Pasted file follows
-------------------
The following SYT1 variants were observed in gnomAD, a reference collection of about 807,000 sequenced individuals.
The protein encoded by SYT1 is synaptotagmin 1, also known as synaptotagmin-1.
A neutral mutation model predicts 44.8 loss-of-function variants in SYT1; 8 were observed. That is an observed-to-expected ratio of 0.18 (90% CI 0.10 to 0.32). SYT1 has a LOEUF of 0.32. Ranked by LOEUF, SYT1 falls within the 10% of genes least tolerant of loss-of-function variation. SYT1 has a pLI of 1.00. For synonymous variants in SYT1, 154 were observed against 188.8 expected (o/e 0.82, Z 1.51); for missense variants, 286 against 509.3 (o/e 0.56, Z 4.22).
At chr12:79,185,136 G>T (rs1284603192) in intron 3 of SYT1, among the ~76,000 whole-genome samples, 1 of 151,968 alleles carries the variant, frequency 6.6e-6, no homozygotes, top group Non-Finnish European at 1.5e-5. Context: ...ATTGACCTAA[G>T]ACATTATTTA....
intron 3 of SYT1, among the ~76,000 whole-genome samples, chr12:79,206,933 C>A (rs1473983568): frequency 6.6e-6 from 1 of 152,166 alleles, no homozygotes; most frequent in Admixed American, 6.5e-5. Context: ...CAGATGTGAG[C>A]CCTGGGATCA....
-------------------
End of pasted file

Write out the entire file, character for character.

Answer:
The following SYT1 variants were observed in gnomAD, a reference collection of about 807,000 sequenced individuals.
The protein encoded by SYT1 is synaptotagmin 1, also known as synaptotagmin-1.
A neutral mutation model predicts 44.8 loss-of-function variants in SYT1; 8 were observed. That is an observed-to-expected ratio of 0.18 (90% CI 0.10 to 0.32). SYT1 has a LOEUF of 0.32. Ranked by LOEUF, SYT1 falls within the 10% of genes least tolerant of loss-of-function variation. SYT1 has a pLI of 1.00. For synonymous variants in SYT1, 154 were observed against 188.8 expected (o/e 0.82, Z 1.51); for missense variants, 286 against 509.3 (o/e 0.56, Z 4.22).
At chr12:79,185,136 G>T (rs1284603192) in intron 3 of SYT1, among the ~76,000 whole-genome samples, 1 of 151,968 alleles carries the variant, frequency 6.6e-6, no homozygotes, top group Non-Finnish European at 1.5e-5. Context: ...ATTGACCTAA[G>T]ACATTATTTA....
intron 3 of SYT1, among the ~76,000 whole-genome samples, chr12:79,206,933 C>A (rs1473983568): frequency 6.6e-6 from 1 of 152,166 alleles, no homozygotes; most frequent in Admixed American, 6.5e-5. Context: ...CAGATGTGAG[C>A]CCTGGGATCA....